And a few Republicans are joining them.
Just a few weeks ago, the idea of Democrats actually shutting down the government over the Deferred Action for Childhood Arrivals program seemed like a proposition that only the caucus’s liberal members would support.
Fast-forward to Friday, the next deadline on a spending bill to fund the government. With House Republicans proposing yet another short-term spending bill with no immigration solution attached, Democratic leadership and rank-and-file members in the Senate are getting fed up. And now even moderate Democrats who had previously voted to pass short-term spending bills are looking like they won’t go for one to keep the government open.
Case in point: Sen. Jon Tester (D-MT), considered one of the more vulnerable red-state Democrats up for reelection in 2018 and a reliable vote for past short-term spending bills.
“I think it’s a bad proposal, I’ll just tell you that, and it has nothing to do with DACA; it’s a bad proposal,” Tester said of the latest continuing resolution (CR) on Wednesday. “It doesn’t push us in the direction we need to go.”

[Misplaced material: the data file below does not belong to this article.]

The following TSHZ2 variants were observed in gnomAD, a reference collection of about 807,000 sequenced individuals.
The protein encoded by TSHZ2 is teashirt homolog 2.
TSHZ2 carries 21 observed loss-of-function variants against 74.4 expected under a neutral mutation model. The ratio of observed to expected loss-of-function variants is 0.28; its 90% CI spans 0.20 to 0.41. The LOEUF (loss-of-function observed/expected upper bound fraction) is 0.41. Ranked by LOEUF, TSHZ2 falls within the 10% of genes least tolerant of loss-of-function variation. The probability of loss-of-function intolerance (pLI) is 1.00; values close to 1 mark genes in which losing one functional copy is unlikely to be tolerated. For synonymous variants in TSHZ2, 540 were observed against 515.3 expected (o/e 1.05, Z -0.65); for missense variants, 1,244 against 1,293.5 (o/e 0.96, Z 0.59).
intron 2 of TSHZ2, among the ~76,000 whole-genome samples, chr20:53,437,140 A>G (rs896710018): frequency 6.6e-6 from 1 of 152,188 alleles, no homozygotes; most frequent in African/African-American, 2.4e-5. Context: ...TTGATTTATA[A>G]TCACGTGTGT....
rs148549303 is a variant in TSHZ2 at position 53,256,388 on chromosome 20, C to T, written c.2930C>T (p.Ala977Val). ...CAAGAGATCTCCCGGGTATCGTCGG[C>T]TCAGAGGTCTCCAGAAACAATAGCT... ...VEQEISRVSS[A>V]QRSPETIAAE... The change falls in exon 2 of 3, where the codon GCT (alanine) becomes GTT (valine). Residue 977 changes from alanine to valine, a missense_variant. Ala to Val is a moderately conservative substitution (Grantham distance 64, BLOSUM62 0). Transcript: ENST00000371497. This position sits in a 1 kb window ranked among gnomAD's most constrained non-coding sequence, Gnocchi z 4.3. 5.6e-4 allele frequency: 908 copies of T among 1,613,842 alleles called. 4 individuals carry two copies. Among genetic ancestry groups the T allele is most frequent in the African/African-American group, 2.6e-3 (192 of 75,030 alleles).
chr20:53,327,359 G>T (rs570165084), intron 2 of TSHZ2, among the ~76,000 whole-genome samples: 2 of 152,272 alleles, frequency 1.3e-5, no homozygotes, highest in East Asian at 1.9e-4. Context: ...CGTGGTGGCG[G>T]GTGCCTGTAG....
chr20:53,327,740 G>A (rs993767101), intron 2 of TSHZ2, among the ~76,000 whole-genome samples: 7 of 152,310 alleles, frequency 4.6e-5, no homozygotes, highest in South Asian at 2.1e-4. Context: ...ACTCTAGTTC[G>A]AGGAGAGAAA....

When asked if he would vote “no,” Tester responded, “What does it sound like?”
In the past, Republicans could cobble together enough Democratic votes from senators in conservative or swing states including Sens. Joe Donnelly (IN), Heidi Heitkamp (ND), Joe Manchin (WV), Claire McCaskill (MO), Bill Nelson (FL), Debbie Stabenow (MI), and Tester. But the political appetite among these Democrats to pass another short-term spending bill is looking less sure.
“The overwhelming number in our caucus have said they don’t like this deal and they believe if we kick the can down the road this time, we’ll be back where we started from next time,” Senate Minority Leader Chuck Schumer said during a Wednesday press conference. He described the Democratic Read More Here